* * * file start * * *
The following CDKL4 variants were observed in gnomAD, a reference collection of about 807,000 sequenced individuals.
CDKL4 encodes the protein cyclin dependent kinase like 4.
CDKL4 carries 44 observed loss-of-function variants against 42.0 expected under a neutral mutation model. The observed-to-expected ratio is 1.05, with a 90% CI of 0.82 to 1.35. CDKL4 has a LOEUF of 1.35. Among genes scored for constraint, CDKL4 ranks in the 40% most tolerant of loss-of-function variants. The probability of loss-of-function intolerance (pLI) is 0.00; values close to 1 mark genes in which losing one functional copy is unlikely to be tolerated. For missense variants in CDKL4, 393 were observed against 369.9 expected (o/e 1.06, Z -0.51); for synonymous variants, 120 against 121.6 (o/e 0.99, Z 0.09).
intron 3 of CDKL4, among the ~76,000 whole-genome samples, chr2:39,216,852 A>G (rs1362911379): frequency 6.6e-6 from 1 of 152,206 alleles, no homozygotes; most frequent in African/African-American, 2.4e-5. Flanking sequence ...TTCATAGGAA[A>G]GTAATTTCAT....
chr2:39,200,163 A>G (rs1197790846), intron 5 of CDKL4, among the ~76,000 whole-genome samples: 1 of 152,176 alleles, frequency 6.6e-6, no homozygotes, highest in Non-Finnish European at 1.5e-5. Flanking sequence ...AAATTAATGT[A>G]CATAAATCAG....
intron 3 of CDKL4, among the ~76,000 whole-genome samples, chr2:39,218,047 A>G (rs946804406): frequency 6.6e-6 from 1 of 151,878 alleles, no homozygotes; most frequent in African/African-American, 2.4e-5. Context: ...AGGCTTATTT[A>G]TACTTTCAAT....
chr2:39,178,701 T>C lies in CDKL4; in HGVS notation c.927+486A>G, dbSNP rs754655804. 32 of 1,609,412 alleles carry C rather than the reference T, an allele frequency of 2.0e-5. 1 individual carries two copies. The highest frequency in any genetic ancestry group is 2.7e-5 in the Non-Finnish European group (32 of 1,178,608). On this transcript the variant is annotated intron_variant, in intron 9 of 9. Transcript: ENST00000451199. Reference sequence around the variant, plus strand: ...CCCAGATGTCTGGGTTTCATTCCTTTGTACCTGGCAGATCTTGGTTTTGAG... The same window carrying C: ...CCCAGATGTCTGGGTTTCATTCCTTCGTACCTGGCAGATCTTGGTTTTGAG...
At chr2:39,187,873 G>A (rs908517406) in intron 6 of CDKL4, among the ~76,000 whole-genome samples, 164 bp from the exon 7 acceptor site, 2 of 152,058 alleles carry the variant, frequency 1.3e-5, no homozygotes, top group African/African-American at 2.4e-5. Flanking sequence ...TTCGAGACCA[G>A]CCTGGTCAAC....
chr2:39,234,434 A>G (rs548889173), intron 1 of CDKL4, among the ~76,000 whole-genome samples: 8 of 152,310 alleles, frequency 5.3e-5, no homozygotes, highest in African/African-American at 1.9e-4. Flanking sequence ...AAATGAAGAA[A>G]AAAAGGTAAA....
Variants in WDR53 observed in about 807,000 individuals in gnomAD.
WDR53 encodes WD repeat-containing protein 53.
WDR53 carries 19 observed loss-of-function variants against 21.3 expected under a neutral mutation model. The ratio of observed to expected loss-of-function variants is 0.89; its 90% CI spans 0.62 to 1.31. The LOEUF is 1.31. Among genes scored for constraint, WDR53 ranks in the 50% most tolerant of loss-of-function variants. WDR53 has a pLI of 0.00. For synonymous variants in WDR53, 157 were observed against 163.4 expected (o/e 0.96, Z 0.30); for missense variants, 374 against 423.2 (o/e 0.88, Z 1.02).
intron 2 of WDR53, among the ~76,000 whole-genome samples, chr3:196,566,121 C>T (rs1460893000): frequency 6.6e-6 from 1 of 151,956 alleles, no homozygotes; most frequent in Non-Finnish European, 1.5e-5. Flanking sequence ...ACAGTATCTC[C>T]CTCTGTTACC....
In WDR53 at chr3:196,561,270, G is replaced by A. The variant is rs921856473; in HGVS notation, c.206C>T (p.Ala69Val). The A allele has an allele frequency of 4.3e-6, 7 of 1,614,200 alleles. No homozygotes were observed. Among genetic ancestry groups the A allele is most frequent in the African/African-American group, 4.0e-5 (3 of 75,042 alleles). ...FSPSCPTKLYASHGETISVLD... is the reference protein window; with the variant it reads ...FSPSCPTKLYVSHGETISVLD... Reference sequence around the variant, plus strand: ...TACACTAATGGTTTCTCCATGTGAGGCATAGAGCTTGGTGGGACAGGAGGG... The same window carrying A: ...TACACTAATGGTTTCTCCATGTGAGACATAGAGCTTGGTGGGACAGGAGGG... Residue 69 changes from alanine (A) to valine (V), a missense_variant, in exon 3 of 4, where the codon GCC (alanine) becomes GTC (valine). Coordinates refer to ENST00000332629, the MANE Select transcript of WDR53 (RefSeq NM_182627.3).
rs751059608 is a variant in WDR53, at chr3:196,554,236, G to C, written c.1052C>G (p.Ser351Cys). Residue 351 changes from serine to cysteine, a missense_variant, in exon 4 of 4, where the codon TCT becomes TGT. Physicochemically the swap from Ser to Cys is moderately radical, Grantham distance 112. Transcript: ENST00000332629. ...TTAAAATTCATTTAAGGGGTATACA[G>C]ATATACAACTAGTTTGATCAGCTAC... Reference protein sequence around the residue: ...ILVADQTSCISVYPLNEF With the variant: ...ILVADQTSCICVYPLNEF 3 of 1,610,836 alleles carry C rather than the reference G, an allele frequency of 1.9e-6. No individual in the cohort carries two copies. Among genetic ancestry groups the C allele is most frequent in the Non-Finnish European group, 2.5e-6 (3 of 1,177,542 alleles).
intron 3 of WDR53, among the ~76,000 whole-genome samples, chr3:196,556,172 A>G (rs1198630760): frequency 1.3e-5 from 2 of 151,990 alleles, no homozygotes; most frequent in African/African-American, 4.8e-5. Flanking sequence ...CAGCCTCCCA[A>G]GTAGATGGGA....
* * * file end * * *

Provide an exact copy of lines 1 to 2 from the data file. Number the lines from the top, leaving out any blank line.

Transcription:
The following CDKL4 variants were observed in gnomAD, a reference collection of about 807,000 sequenced individuals.
CDKL4 encodes the protein cyclin dependent kinase like 4.